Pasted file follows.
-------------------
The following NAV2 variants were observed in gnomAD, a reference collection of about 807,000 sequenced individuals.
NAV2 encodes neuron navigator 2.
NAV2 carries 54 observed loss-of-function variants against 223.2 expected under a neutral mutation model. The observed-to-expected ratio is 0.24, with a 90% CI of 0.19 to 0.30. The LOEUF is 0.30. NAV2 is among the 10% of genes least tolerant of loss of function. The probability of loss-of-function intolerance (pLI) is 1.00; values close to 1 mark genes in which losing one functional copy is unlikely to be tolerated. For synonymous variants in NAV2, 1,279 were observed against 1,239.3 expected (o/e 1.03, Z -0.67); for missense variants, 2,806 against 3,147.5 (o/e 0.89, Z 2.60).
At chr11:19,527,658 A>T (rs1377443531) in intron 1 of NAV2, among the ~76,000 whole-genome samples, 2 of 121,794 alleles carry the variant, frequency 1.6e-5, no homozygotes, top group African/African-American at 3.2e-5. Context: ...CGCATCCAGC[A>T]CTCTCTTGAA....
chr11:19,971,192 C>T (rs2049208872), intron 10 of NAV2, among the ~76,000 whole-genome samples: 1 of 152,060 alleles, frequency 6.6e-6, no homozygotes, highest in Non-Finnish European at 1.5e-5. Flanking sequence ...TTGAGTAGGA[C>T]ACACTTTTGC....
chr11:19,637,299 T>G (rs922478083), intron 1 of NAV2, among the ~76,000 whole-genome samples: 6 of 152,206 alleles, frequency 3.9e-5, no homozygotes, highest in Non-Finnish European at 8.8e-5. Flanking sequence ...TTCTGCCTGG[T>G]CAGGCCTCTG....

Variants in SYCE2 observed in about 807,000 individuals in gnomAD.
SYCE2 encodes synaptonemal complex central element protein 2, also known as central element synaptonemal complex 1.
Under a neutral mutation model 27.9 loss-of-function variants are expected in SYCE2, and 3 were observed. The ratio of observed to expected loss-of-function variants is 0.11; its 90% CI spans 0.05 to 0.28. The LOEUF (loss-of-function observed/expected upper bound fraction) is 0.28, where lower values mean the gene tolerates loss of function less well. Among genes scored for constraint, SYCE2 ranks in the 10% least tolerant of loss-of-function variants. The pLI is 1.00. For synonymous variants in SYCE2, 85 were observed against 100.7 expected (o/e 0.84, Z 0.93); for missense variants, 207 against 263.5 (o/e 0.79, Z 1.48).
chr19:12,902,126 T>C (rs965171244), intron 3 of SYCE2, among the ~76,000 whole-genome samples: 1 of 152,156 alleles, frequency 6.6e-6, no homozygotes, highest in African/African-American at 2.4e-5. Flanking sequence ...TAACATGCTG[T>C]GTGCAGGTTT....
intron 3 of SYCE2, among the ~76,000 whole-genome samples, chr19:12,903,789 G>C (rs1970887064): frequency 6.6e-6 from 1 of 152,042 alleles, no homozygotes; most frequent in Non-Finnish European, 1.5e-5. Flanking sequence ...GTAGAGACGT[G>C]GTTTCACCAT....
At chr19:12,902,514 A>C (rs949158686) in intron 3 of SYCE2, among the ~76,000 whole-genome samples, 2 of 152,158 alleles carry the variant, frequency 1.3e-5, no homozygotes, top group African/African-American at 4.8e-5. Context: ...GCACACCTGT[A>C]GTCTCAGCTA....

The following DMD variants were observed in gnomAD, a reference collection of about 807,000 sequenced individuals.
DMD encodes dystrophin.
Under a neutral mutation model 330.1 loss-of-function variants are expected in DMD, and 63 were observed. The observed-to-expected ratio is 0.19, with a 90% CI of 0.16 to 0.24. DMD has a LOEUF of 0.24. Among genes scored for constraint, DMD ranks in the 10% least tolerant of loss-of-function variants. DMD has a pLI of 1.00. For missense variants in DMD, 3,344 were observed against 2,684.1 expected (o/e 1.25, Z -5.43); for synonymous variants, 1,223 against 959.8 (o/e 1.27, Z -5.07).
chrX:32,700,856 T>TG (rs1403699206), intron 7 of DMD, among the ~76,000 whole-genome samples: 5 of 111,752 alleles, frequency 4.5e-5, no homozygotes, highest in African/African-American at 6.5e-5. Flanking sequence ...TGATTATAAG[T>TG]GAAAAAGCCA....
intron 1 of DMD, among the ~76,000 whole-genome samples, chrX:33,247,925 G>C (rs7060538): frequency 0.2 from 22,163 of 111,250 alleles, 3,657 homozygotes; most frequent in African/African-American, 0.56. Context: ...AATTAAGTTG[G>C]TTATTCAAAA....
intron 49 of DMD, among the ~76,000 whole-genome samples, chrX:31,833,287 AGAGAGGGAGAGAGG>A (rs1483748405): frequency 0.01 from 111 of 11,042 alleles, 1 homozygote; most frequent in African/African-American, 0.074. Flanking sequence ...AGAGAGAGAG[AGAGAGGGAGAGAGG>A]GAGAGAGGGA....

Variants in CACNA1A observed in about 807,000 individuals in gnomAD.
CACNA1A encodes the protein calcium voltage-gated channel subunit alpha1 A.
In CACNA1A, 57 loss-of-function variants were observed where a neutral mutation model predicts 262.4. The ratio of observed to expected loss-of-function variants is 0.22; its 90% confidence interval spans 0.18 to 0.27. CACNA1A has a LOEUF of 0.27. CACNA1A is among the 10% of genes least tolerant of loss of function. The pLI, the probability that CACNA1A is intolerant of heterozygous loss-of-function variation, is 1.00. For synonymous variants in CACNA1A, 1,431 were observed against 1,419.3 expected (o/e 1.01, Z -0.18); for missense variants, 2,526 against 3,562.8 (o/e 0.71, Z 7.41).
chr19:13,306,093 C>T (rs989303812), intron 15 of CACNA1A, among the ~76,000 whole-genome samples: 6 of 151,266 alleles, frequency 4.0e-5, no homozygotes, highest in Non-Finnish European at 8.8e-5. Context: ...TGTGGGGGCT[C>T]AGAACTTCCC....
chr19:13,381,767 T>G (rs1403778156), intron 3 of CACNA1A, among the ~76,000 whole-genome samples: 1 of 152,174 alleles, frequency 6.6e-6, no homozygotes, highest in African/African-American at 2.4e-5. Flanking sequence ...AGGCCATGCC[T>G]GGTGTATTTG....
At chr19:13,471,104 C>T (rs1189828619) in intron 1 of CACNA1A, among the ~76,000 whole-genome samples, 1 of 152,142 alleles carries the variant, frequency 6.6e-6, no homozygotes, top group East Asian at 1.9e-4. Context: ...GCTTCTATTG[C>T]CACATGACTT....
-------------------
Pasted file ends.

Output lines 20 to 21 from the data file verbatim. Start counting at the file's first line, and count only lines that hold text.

CACNA1A encodes the protein calcium voltage-gated channel subunit alpha1 A.
In CACNA1A, 57 loss-of-function variants were observed where a neutral mutation model predicts 262.4. The ratio of observed to expected loss-of-function variants is 0.22; its 90% confidence interval spans 0.18 to 0.27. CACNA1A has a LOEUF of 0.27. CACNA1A is among the 10% of genes least tolerant of loss of function. The pLI, the probability that CACNA1A is intolerant of heterozygous loss-of-function variation, is 1.00. For synonymous variants in CACNA1A, 1,431 were observed against 1,419.3 expected (o/e 1.01, Z -0.18); for missense variants, 2,526 against 3,562.8 (o/e 0.71, Z 7.41).